Cattle ranchers can make as little as $1 per acre per year on the rangeland that flanks the San Joaquin Valley, organizers of an upcoming event said.
The land has little irrigation. And as the past three years have shown, the rain can fall short, forcing ranchers to space their cattle farther apart or send them to market below ideal weight.
They worry about encroachment by higher-value crops such as almonds, walnuts or grapes watered by wells that the growers can afford to drill.
Land conversion is one of the topics of the ninth annual summit of the California Rangeland Conservation Coalition, set for Jan. 21-22 in Oakdale.
The first day will feature topics such as beef marketing, the threat from high-value crops and the ways rangeland provides wildlife habitat. The second day will be a tour of nearby ranches.
This event is a time for ranchers to showcase their positive role in stewarding Californias wide open spaces and their contributions to the states economy, said Tim Koopmann, an Alameda County rancher and president of the California Cattlemens Association, in a news release.
The organizers invite ranchers, researchers, land managers, agency representatives, conservationists and others interested in the states rangelands.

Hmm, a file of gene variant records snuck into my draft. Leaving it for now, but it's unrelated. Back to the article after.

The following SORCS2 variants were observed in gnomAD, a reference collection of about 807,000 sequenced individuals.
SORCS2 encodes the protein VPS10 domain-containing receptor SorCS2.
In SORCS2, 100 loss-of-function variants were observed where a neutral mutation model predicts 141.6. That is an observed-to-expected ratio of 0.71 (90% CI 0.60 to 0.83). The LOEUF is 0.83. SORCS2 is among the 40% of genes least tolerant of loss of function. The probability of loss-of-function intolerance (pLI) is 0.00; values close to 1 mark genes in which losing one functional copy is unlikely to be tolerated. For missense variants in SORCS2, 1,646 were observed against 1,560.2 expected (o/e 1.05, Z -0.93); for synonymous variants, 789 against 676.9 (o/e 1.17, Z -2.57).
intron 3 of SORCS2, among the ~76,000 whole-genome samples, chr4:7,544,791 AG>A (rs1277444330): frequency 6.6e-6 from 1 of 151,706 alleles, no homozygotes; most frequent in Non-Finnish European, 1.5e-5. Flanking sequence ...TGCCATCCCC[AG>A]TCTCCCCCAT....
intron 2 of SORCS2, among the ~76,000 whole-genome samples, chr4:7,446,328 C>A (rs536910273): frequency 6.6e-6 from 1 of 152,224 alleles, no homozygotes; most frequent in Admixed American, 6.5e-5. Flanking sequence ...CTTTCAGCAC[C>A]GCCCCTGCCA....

The summit is co-sponsored by the University of California Cooperative Extension and numerous other partners.
Cattle ranchers have a more immediate concern a shortage of the rain that usually falls this time of year, helping to grow grasses that will get them well into spring.
California is entering its third straight dry winter. The past two years, well-timed spring storms helped grow the grasses that had germinated the previous fall, said an email from Theresa Becchetti, livestock and natural resource adviser for the Cooperative Extension in Stanislaus and San Joaquin counties.
Unfortunately, the residual dry matter (old grass left at the end of last grazing season) that ranchers leave for insurance to protect the soil, encourage new grass growth and provide dry feed for the fall is quickly disappearing and ranchers are again having to feed hay, she said.
Becchetti did note that eastern Stanislaus County is in somewhat better shape because it got relatively more rain from the few storms this fall.
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